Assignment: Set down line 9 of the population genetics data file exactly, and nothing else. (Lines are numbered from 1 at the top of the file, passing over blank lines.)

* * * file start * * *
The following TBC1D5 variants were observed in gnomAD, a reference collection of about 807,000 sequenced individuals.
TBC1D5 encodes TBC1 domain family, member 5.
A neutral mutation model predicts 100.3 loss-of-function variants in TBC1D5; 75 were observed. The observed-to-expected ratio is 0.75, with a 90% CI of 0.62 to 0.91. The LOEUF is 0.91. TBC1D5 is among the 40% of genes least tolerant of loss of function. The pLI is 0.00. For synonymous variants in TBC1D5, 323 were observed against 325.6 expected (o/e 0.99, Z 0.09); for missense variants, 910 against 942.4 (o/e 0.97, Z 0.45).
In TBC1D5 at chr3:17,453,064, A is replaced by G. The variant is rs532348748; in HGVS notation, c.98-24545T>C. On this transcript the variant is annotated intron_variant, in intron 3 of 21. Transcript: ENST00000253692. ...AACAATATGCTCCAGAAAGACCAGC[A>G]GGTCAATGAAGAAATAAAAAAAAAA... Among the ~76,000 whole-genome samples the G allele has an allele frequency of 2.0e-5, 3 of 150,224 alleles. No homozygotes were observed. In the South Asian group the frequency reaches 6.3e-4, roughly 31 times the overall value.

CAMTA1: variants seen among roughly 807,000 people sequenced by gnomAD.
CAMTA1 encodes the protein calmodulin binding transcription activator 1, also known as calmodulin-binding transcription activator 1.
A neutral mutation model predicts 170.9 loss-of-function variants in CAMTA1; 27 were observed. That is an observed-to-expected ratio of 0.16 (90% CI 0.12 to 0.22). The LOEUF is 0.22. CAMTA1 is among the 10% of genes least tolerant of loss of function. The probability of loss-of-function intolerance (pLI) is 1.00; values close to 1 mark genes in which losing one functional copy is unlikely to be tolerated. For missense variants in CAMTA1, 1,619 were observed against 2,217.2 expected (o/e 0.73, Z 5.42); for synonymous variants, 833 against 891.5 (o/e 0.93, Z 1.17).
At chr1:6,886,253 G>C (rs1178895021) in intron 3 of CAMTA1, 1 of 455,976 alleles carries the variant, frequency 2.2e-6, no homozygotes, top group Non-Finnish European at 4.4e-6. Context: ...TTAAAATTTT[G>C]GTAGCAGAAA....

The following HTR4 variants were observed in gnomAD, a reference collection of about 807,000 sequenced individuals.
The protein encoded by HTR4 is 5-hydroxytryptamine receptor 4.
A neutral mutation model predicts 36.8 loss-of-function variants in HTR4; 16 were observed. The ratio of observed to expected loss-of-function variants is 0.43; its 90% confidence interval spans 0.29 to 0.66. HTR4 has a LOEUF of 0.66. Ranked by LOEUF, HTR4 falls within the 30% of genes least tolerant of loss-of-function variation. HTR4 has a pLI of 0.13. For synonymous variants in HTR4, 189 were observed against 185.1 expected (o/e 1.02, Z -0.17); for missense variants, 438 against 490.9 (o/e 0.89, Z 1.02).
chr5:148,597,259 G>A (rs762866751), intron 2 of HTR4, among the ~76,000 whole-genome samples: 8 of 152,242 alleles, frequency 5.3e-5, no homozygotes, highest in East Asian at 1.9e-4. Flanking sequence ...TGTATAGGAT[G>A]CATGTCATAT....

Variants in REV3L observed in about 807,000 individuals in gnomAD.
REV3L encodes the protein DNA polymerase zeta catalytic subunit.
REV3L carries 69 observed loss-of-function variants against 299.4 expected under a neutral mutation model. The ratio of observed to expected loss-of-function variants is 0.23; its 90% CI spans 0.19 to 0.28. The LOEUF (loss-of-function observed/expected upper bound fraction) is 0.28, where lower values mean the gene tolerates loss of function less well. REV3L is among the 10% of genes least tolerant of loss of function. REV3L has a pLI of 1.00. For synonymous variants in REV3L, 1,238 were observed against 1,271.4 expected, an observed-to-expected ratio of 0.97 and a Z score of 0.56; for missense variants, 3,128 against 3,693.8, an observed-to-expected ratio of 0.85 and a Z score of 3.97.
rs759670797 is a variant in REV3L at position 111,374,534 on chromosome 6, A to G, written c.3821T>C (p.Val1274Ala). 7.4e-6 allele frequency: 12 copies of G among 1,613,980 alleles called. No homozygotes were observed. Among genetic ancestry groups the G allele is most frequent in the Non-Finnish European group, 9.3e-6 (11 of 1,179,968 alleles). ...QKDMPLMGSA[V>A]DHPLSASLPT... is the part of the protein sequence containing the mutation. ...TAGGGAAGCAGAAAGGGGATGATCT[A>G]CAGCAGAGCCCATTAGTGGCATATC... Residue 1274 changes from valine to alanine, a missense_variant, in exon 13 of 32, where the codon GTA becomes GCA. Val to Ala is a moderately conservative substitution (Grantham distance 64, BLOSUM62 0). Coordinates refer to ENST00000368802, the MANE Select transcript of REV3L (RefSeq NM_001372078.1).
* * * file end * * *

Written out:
The following HTR4 variants were observed in gnomAD, a reference collection of about 807,000 sequenced individuals.